Asia-focused Standard Chartered Bank Plc met earnings expectations, reporting a 52 percent rise in second-half net profit amid strong growth in emerging markets.
The bank reported profit attributable to ordinary shareholders of $2.13 billion for July-December, based on Reuters calculations, up from $1.4 billion recorded a year earlier and in line with expectations for a $2.14 billion net profit from a poll of 10 analysts surveyed by Thomson Reuters I/B/E/S.
We start 2011 strongly with the balance sheet in excellent shape, with good momentum and with volume growth in both businesses, the bank said in a statement posted on the Hong Kong stock exchange. We have had a record January, both in terms of income and profit.
Standard Chartered, which is based in London but generates more than 80 percent of its profit in Asia and other emerging markets, said its normalized cost-income ratio rose to 55.9 percent in 2010 compared with 51.3 percent in 2009 as it fights to hire and retain staff in competitive Asian markets.
The bank added about 7,000 staff in 2010, a near 10 percent rise to about 85,000 people.
Rival HSBC Holdings Plc, which reported its own 2010 earnings on Monday, cut its profitability targets because of the cost of tougher banking regulations and plans to cut costs and overhaul other areas after its annual profit fell short of expectations.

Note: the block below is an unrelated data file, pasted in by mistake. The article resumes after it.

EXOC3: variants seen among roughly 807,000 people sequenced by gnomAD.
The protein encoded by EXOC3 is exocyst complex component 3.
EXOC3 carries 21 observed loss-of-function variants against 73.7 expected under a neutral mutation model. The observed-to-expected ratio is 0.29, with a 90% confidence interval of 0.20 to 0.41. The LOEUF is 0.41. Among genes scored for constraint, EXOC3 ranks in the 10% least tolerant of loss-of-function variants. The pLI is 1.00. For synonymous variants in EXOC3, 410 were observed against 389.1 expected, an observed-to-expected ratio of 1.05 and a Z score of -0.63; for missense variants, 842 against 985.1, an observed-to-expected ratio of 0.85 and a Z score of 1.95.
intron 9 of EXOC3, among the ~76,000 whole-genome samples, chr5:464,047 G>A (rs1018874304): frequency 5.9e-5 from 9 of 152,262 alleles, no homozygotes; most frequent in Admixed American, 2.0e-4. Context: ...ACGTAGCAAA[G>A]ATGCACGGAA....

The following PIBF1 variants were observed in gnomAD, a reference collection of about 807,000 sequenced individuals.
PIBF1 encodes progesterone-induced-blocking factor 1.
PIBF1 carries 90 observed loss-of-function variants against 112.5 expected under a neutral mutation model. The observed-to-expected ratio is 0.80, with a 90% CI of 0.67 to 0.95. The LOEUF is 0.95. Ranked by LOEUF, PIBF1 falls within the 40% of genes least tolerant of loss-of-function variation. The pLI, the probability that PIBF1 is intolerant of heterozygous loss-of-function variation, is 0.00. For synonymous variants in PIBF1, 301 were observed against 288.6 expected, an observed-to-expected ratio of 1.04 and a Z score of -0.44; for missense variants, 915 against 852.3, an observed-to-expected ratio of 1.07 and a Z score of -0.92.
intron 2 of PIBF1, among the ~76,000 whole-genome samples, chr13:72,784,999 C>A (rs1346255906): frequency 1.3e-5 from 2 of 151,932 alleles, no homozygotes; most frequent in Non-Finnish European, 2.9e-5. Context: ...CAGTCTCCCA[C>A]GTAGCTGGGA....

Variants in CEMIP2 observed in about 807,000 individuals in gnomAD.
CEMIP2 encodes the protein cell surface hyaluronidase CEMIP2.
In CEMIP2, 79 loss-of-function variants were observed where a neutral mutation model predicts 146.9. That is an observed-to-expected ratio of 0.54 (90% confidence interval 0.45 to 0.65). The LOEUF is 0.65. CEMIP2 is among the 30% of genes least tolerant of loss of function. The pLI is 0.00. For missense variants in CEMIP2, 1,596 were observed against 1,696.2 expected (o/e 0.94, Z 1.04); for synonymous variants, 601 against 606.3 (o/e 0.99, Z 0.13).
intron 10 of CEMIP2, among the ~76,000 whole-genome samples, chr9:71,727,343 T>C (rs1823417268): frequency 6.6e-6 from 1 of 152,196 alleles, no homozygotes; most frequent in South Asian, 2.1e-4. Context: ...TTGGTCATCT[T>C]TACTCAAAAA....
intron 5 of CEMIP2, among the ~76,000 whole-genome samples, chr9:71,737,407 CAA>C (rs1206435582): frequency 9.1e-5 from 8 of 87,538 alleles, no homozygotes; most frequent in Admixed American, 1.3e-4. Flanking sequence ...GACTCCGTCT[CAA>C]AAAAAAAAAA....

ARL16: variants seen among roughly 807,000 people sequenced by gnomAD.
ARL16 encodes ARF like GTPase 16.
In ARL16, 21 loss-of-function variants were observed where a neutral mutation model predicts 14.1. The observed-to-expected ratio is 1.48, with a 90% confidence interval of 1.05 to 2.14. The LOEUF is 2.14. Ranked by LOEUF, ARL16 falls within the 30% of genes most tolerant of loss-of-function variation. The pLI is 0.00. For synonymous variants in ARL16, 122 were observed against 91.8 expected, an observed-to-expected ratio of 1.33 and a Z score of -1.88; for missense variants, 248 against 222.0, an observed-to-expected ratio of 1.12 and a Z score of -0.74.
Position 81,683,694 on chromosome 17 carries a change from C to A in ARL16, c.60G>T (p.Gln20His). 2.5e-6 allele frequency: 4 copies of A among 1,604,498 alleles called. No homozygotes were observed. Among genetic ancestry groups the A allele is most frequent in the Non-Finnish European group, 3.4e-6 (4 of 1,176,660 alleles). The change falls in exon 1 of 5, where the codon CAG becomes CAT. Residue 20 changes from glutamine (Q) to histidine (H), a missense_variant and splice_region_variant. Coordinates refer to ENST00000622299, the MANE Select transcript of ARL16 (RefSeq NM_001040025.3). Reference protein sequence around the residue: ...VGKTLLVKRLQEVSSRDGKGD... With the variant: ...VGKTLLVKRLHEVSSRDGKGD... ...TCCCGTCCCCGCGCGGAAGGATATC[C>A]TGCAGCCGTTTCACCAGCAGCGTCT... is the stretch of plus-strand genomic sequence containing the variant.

Its wholesale business, which includes investment banking and trade finance operations, posted an operating profit of $4.5 billion in 2010, up 17 percent from 2009. Consumer banking operating profit rose 51 percent to $1.3 billion, the bank said.
Operating expenses at its wholesale business rose 16 percent in the full year to $655 million, faster than the 7 percent rise in income amid a battle for banking talent in Asia.
This is called negative jaws, which suggests that income is growing more slowly than expenses, and the bank said it widened to 9 percent for its wholesale business in 2010.
The bank paid top dollar to snag several high-profile hires as its aggressively expands in the fast-growing emerging markets segments of Asia and Africa, where it has a history of financing trade between those two continents and Europe.
Its Hong Kong-listed shares rose 12 percent in 2010, outpacing the benchmark Hang Seng Index's 5.3 percent advance.
(Reporting by Kelvin Soh; Editing by Chris Lewis)